there Was a time in which to know the social stratification of a town was enough with a mass. There, on the side of the church, reposed in the chapels of the deceased of the clans powerful. Under the slabs of the floor, the more rich the more close to the altar, they had the rest of the families. And the poor, without the means to purchase a grave, they lay in the courtyard annex. “All were buried in the grounds of church and the money was the way to have close to of the saints the souls of the loved ones”, sums up Mercedes Granjel, professor of History of Medicine at the University of Salamanca.
known as The plague of Passages, a virulent epidemic that ended in a few months in 1781 with more than 10% of the population of the strategic port of Gipuzkoa, marked the beginning of the end of a tradition just as unhealthy as deep-rooted in the Iberian peninsula. And gave rise to the creation of the modern civil cemeteries outside the walls. The importance of this episode was included in 1787 in the Royal Cedula by which king Carlos III banned in Spain the burials in the churches, on the occasion of the epidemic experienced in the Village of Passage […] caused by the stench intolerable that he felt in the Parish Church of the multitude of corpses buried in it.”
Despite its historical significance, little more was known until the date of the episode. “Now we know that it affected more women than men, and poor to the rich. We have until the surname of the deceased,” explains Adrian Hugo Aginagalde Llorente, researcher at the Basque Museum of the History of Medicine of the University of the Basque Country (UPV-EHU). He is the principal author of a research —presented at the congress of the Spanish Society of Epidemiology held in Oviedo (spain)— based on the leaves and parochial documents found in the archivo General de Gipuzkoa, that allows you to shred the historic event. “The data reveal a crisis of subsistence typical of the EIGHTEENTH century, with peaks of mortality in the several towns of Gipuzkoa, on the onset of the great plague of Regions”, he adds.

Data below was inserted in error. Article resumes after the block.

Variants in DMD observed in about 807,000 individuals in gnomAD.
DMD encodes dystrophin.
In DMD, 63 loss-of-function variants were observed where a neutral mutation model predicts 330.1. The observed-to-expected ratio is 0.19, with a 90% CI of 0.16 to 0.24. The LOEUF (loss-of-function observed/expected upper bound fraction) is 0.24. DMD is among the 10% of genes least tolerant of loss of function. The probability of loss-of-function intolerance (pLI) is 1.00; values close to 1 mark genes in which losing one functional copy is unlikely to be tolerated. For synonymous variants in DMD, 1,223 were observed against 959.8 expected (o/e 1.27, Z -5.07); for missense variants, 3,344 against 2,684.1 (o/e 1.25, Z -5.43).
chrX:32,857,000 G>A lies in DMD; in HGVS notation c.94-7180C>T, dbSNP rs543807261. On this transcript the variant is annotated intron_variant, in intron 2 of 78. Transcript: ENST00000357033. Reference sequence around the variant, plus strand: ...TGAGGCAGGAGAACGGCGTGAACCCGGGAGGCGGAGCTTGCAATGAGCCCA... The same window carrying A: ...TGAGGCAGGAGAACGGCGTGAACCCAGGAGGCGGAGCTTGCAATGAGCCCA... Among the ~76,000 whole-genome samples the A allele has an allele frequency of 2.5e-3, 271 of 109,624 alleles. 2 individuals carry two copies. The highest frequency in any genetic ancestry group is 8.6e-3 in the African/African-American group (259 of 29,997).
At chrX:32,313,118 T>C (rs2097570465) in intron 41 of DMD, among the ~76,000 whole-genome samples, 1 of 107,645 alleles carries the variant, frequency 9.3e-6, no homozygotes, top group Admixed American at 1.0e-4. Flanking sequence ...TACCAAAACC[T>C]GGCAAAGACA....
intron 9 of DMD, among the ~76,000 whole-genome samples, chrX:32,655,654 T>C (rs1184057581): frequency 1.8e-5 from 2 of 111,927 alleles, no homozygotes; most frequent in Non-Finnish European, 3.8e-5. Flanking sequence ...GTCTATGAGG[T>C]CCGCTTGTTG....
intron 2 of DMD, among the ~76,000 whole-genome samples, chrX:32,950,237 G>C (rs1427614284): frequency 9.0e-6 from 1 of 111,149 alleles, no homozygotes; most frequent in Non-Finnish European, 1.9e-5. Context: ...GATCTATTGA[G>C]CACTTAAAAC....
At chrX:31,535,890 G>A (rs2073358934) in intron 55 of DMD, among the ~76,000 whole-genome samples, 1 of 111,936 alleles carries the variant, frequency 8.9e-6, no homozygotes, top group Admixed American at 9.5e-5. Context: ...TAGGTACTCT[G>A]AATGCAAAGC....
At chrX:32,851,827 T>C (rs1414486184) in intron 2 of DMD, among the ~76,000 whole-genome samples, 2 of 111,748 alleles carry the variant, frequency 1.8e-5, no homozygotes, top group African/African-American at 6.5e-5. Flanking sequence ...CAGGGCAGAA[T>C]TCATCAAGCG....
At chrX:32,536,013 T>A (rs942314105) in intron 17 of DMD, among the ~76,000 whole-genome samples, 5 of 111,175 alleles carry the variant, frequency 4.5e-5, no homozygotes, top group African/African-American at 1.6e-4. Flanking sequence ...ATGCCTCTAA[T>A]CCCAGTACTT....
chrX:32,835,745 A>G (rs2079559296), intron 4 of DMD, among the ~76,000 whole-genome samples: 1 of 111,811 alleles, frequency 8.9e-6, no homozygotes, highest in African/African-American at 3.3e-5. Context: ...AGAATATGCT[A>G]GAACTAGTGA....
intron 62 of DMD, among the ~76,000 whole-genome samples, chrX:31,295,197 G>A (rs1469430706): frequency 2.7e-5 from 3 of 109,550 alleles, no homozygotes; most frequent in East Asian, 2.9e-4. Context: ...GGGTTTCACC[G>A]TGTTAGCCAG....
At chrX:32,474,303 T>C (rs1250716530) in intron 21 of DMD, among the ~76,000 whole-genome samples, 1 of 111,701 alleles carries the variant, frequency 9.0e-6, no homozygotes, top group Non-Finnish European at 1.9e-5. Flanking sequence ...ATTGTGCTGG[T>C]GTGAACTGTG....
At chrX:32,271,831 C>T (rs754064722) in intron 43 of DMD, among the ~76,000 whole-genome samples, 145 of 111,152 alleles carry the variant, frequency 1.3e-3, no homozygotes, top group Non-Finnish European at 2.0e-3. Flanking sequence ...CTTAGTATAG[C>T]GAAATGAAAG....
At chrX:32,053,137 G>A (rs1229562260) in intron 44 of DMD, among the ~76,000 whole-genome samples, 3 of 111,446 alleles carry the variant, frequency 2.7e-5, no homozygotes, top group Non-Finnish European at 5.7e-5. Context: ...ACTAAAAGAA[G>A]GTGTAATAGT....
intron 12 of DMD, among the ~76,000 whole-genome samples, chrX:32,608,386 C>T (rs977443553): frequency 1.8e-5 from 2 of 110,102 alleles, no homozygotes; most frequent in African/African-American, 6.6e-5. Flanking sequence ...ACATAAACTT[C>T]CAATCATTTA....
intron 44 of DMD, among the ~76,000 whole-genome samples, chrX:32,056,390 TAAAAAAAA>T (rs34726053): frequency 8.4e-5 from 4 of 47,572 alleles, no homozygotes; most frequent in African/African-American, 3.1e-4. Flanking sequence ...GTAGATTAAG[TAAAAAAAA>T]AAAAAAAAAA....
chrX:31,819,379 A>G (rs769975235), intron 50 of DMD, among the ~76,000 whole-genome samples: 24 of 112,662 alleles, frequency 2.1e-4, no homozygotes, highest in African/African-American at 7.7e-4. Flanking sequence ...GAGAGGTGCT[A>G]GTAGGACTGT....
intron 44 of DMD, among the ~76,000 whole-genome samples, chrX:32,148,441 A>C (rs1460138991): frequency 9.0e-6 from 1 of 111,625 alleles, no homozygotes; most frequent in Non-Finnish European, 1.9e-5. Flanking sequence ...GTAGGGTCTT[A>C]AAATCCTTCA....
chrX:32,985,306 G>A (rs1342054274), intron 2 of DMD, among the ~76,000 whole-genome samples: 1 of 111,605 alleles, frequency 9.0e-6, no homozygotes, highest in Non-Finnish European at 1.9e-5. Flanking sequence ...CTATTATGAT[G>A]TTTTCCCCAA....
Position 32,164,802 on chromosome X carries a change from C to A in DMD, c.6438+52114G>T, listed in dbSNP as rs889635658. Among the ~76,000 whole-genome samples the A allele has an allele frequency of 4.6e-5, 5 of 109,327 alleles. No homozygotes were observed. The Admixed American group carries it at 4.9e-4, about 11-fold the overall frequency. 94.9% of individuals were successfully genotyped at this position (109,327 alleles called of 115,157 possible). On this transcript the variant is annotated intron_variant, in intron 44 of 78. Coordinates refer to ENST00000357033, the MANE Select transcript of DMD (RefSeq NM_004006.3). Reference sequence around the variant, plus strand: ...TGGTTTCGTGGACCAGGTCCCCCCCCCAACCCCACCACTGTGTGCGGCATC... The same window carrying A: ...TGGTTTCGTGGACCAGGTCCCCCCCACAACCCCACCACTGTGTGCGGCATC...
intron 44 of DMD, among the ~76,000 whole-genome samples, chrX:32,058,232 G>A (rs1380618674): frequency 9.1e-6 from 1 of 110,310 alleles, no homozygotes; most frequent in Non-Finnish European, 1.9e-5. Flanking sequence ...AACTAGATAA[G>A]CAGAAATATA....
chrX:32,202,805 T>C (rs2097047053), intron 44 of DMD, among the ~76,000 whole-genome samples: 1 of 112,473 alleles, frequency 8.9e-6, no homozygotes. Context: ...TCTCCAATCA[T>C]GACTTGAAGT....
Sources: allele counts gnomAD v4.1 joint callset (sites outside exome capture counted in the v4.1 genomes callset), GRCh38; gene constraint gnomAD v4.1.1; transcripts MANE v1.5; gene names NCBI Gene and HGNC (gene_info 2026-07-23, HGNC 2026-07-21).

The coefficient of mortality —in which 100 indicates the deaths to be expected, and the values of 80 to 120 the fluctuations usual— began to rebound in the last quarter of 1780 and fired on the new year, when it remained during the first nine months, above 500 (five times more). “Died, 83 people a census of 775,” says Aginagalde, which qualifies the plague of “great crisis” demographic.
The pathogen causative, however, has not been able to be determined. “We rule out yellow fever because the mosquito that transmits it does not survive the cold. Also the anger, because their buds differ a little by social class and will not be extended during the winter,” explains Aginagalde. “It is possible that it was the typhus, jail fever epidemic or typhoid. To be a port, nor can we rule out the bubonic plague, but the record of the Health Board and local is very limited to describe the symptomatology of those affected”, adds the researcher.
“The plague of Passages was the trigger that led the State to move to banish this habit,” explains Granjel. “Some authors had warned about the need to create cemeteries outside the walls. But it was not until the epidemic the government of Carlos III, in its pursuit of modernization, became aware of the need to do,” he adds.
The cemetery of the Royal Site of San Ildefonso, driven by the monarch in 1783 in the sierra of Madrid, and in barcelona’s Poblenou in Barcelona, opened eight years earlier by the enlightened bishop Josep Climent, were the first examples of a new current that advocated cemeteries sections of the population in well-ventilated areas. “The new measures put the focus on the pollution of the air, the vapors created by the decomposition of the body, as cause of disease,” says Esteban Rodríguez Ocaña, professor of History of Science of the University of Granada. “The goal happens to be to maintain a clean atmosphere in a time in which the monarchy is aware of the economic value of the population as an asset whose health should be protected”, adds Rodríguez Ocaña.
The Royal decree of Charles III was not able to end up with a tradition that in some places of Spain lasted until well into the NINETEENTH century. The delay, according to Granjel, has two explanations: “With the death of Carlos III loses strength the impulse of modernization of the State. And the Church is opposed to almost block the measure because with the new cemeteries under the civil power, loses an important source of income from the sale of graves”.
Even today, as a stronghold of another time, a hundred families still preserved in Spain the right to bury their deceased in the cathedrals, convents or churches which are spread throughout Spain. In their majority, are the lineages of the nobility, who were able to maintain their privileges, although the list also includes surnames in the world of finance and industry who have made a hole in sacred space to hit book.